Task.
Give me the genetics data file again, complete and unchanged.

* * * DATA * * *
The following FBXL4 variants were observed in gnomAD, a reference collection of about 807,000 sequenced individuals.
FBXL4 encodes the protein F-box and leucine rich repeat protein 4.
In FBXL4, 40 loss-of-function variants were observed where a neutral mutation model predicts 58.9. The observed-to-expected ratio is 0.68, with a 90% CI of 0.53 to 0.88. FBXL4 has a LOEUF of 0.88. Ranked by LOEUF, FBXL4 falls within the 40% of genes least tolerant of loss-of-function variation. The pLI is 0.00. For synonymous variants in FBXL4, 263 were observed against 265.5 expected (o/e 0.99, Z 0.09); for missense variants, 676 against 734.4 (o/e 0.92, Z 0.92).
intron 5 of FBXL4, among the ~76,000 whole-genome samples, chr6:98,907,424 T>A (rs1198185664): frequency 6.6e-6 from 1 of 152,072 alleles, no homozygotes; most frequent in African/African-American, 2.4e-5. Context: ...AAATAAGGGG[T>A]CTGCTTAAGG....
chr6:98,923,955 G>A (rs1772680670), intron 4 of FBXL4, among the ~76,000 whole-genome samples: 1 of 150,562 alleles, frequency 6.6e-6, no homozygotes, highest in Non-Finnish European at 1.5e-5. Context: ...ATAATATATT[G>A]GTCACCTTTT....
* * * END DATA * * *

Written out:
The following FBXL4 variants were observed in gnomAD, a reference collection of about 807,000 sequenced individuals.
FBXL4 encodes the protein F-box and leucine rich repeat protein 4.
In FBXL4, 40 loss-of-function variants were observed where a neutral mutation model predicts 58.9. The observed-to-expected ratio is 0.68, with a 90% CI of 0.53 to 0.88. FBXL4 has a LOEUF of 0.88. Ranked by LOEUF, FBXL4 falls within the 40% of genes least tolerant of loss-of-function variation. The pLI is 0.00. For synonymous variants in FBXL4, 263 were observed against 265.5 expected (o/e 0.99, Z 0.09); for missense variants, 676 against 734.4 (o/e 0.92, Z 0.92).
intron 5 of FBXL4, among the ~76,000 whole-genome samples, chr6:98,907,424 T>A (rs1198185664): frequency 6.6e-6 from 1 of 152,072 alleles, no homozygotes; most frequent in African/African-American, 2.4e-5. Context: ...AAATAAGGGG[T>A]CTGCTTAAGG....
chr6:98,923,955 G>A (rs1772680670), intron 4 of FBXL4, among the ~76,000 whole-genome samples: 1 of 150,562 alleles, frequency 6.6e-6, no homozygotes, highest in Non-Finnish European at 1.5e-5. Context: ...ATAATATATT[G>A]GTCACCTTTT....